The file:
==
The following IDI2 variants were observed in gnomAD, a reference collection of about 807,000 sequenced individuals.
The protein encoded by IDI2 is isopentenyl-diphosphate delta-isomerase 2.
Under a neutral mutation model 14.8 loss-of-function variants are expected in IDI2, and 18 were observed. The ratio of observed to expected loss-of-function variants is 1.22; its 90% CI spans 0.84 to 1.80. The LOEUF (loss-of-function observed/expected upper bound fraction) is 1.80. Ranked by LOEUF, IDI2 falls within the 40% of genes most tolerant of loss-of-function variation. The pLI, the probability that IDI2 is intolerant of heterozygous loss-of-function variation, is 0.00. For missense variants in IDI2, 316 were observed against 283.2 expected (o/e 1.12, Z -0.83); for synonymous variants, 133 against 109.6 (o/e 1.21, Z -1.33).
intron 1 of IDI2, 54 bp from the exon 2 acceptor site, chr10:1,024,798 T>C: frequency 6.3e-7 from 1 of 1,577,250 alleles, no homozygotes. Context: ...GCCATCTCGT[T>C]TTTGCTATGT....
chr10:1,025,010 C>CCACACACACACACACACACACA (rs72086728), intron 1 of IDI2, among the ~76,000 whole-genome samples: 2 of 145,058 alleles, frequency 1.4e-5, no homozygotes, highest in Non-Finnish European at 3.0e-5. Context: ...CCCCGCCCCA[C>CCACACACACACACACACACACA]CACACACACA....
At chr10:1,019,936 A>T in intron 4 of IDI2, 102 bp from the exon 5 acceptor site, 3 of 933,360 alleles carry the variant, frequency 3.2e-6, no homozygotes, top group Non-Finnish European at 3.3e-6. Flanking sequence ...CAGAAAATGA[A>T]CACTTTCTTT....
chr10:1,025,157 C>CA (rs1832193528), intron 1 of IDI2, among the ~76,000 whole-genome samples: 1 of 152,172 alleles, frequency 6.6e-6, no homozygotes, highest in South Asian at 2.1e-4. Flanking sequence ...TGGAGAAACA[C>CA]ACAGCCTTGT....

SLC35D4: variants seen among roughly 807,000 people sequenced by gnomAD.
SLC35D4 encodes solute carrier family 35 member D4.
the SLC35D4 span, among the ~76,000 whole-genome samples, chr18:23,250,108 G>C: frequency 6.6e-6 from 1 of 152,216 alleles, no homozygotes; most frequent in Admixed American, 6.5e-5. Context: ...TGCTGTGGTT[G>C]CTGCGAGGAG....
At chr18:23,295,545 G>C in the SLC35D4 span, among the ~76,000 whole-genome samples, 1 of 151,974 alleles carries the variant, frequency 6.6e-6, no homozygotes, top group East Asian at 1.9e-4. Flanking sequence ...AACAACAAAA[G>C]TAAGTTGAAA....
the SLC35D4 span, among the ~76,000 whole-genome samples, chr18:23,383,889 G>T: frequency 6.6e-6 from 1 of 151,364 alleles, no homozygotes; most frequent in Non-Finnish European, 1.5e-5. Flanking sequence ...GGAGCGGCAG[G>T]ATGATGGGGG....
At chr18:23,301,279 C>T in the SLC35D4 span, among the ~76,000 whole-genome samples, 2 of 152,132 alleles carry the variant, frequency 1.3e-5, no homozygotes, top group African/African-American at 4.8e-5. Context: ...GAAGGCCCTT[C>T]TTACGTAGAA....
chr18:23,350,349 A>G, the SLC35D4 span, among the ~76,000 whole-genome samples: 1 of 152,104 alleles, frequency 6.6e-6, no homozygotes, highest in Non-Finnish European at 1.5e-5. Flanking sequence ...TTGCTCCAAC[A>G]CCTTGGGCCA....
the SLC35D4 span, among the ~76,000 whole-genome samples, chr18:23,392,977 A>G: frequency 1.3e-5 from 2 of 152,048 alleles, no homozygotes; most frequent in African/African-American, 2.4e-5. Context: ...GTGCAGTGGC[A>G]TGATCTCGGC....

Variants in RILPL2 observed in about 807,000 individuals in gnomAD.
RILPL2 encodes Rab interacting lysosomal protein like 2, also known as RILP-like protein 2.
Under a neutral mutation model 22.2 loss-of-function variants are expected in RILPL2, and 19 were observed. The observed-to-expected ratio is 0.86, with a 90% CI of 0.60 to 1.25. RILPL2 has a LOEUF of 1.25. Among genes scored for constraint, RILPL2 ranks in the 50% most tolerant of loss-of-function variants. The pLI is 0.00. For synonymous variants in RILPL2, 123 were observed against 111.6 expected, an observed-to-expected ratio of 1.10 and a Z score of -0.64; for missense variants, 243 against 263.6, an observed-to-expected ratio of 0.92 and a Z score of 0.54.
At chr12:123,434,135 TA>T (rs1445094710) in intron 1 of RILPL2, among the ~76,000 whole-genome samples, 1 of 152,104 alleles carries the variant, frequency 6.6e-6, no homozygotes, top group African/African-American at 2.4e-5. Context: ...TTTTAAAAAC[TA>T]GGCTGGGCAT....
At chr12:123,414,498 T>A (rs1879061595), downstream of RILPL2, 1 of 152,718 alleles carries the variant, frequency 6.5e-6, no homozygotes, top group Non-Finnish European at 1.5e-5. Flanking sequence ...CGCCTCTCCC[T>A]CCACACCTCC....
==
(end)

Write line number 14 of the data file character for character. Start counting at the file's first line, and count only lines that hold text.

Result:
chr18:23,350,349 A>G, the SLC35D4 span, among the ~76,000 whole-genome samples: 1 of 152,104 alleles, frequency 6.6e-6, no homozygotes, highest in Non-Finnish European at 1.5e-5. Flanking sequence ...TTGCTCCAAC[A>G]CCTTGGGCCA....